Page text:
The dilemma

Mommy Issues

may-choi_online

As a student-parent, I’m always pressured by time. I have papers due every other day, classes to attend and, in addition, work, leaving my mind extremely occupied. Even when I’m at home trying to relax or spend quality time with my child, I can’t help but feel anxious about the pressing assignments I have to complete. The constant uneasiness has me feeling distant from my son, even when we’re physically close. When we go to the park, sing songs or play with fire trucks together, I’m not focused on engaging with my child but concerned about work that is due the next day.

When my child looks at me with his precious smile, it’s difficult to wholly soak in his beauty because I’m emotionally occupied with worry. And this is one of my biggest insecurities being a mom — not being able to provide enough love and attention for my child.

The first two semesters at UC Berkeley, I was able to fit all my classes between 9 a.m. and 3 p.m., which worked perfectly with my son’s schedule for child care. I was the primary parent, and I’d drop him off, pick him up and come back home to spend more time with him. I wasn’t as involved in my own extracurricular activities as I am today. Although I was still busy, there was much less work to be done and much more time to spare. Back then, juggling work and raising a child wasn’t quite as difficult as my parents described it to be. I actually thought that I was extremely gifted at parenting, that I would never be one of “those” parents who’d have to give up one or the other and either be a good parent or a professional. But this year, I realize that I am in the shoes of many other student-parents or working moms. I can’t seem to be doing either of my most important jobs right.

Compared to last year, I picked up many more tasks for my final year at UC Berkeley. My school schedule reflects that I devoted myself to education rather than child rearing. This decision was made because of the strong belief that immersing myself in academics and internships would be the fastest way to provide a stable future for my child. But as of right now, I’m not too sure about my decision.

Recently, I received feedback from my son’s teacher at child care that he has been acting out — yelling, throwing things and pestering his peers. Though my more experienced mom friends say this is normal for a toddler, I can’t help but feel guilty about my son’s unhealthy behaviors. I worry that his sudden rebelliousness is because I am no longer able to drop him off at day care in the morning, to say goodbye and give him a hug. I worry that his violence in class is him communicating frustration at my absence when he gets home from day care. Is he becoming emotionally unstable because he senses my anxiousness stemming from my selfish endeavors? Instead of creating a better future for him, am I just greedy and wanting to achieve personal goals and, in the process, not providing enough time for mother-and-son bonding? Am I fucking him up?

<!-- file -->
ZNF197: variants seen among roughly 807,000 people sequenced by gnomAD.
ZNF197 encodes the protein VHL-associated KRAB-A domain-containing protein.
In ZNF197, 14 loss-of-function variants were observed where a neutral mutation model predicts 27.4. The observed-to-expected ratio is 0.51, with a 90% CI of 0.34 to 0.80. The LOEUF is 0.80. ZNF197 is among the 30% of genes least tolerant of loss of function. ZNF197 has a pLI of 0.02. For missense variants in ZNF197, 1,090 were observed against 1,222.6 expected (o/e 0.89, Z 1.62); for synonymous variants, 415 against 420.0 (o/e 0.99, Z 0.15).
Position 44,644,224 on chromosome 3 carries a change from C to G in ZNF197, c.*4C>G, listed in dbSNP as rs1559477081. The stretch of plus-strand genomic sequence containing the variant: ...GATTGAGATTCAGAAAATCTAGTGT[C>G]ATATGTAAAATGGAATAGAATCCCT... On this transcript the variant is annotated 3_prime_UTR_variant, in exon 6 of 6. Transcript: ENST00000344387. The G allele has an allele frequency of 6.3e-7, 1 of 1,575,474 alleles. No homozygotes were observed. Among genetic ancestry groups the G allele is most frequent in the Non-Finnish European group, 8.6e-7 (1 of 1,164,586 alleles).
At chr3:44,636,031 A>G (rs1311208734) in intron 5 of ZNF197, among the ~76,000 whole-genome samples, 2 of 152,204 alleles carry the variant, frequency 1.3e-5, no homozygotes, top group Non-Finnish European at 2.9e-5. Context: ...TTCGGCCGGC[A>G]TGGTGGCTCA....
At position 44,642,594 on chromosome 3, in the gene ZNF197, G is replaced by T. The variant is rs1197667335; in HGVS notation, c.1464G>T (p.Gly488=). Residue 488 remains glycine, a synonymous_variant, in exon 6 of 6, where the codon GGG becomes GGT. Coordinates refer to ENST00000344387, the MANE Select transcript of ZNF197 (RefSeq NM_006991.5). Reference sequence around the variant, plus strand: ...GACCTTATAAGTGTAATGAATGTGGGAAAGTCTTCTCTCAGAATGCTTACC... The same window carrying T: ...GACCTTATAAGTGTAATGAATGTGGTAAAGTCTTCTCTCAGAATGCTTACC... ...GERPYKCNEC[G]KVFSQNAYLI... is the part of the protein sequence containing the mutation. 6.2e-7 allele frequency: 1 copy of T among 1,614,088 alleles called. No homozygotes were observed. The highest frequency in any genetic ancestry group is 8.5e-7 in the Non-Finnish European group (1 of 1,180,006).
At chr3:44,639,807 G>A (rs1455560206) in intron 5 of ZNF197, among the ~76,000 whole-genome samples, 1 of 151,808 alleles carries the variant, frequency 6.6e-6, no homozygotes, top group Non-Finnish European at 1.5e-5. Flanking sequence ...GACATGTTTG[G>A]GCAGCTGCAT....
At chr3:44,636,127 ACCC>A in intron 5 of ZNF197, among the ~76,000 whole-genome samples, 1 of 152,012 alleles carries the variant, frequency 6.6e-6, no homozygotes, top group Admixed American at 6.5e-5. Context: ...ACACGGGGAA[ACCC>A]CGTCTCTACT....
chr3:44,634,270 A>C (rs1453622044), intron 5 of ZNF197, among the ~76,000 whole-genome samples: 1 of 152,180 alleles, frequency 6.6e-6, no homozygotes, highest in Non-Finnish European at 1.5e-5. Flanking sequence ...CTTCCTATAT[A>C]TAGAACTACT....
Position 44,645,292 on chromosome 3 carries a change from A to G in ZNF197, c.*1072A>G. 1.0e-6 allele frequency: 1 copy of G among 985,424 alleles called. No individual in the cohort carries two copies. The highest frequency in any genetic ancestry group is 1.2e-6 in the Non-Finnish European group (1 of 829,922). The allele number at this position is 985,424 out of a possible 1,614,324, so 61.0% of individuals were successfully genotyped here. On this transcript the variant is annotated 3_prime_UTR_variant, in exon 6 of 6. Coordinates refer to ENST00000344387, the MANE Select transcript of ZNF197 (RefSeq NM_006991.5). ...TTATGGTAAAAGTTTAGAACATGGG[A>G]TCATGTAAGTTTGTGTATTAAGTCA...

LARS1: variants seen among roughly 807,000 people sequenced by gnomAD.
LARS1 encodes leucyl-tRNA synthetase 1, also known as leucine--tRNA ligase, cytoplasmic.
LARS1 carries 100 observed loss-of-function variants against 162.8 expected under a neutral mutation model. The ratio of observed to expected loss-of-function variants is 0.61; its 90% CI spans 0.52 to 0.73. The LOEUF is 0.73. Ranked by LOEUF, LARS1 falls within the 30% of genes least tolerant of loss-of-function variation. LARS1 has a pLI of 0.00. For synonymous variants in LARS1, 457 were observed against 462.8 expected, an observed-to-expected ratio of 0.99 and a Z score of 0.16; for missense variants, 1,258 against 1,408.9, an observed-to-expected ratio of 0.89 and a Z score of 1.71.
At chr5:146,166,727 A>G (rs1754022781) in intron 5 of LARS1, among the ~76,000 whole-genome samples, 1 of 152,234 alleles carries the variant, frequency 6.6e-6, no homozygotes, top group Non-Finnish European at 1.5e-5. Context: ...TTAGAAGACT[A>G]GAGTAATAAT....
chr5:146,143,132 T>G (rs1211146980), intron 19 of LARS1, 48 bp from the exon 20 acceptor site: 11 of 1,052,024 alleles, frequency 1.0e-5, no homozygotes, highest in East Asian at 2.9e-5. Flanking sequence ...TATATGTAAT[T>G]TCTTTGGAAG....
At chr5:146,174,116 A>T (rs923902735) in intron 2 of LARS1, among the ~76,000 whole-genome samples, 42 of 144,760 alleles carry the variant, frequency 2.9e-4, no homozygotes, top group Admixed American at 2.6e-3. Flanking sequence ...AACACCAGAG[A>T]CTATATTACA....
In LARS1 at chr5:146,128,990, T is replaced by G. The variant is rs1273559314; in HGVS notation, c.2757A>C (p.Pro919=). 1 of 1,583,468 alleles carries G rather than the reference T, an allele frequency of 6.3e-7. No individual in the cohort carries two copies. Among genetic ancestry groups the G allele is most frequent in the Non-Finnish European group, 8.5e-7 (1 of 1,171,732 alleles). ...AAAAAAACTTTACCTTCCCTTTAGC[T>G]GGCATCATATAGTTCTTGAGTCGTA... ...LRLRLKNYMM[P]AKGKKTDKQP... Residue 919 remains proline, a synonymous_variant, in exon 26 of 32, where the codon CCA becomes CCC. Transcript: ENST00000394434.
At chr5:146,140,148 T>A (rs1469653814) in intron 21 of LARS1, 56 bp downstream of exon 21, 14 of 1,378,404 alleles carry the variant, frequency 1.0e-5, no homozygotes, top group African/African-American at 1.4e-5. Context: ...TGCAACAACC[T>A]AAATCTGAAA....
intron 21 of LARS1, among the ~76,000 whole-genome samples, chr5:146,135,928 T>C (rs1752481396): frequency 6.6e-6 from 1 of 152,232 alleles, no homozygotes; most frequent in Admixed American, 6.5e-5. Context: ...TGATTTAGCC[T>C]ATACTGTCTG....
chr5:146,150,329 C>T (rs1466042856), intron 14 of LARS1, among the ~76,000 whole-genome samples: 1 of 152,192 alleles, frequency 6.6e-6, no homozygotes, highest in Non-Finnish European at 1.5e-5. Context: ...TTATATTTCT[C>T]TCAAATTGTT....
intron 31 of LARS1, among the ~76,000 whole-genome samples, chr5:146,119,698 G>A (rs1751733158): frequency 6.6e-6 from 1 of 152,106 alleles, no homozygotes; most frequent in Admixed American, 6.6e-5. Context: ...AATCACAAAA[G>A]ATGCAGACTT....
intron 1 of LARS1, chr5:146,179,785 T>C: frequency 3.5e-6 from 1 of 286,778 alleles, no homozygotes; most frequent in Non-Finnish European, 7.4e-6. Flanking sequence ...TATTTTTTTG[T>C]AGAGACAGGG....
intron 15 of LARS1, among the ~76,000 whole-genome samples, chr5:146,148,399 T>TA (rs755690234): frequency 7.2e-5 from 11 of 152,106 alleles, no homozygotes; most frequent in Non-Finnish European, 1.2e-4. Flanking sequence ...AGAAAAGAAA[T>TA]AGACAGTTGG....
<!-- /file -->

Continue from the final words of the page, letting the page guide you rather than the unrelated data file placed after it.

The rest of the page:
When I see children who have a parent, grandparent or guardian whose primary job is child rearing, I can’t help but feel sorry for my son. I’m not saying that raising a child is an easy task — if anything, I believe it’s the most challenging job in the world. But those kids seem to have a stable person who isn’t pressed or overwhelmed by work to provide comfort and relaxation. At the same time, I truly believe that my hard work will allow my son to have a brighter future, that his present needs can wait.

I’m really insecure as to what mothering style is better for my child. But right now, I have to graduate and secure a job. So I’m trying to be a good student, to get good grades, to do many extracurricular activities. Simultaneously, I’m trying to be present for my son, to be there when he needs me. But I often feel like I’m failing to achieve both goals. In class, I find it hard to concentrate, as I’m concerned about my son, who will be waiting eagerly for his mommy. When I’m with my son, I’m emotionally distant, as I know I should be preparing myself for the intensive job market. And I’m sure I’m not the only student-parent who feels this way — it’s truly a dilemma. Society today makes it extremely difficult for individuals, especially women and femmes with dependents, to become successful — unless they’re already well-off. For someone like myself, it feels as though the only solution to this dilemma is to either give up my career and depend on my husband or give up being a good parent — and this shouldn’t be the case. Something needs to change.

May Choi writes the Monday column on being a transfer student-parent. Contact her at [email protected] .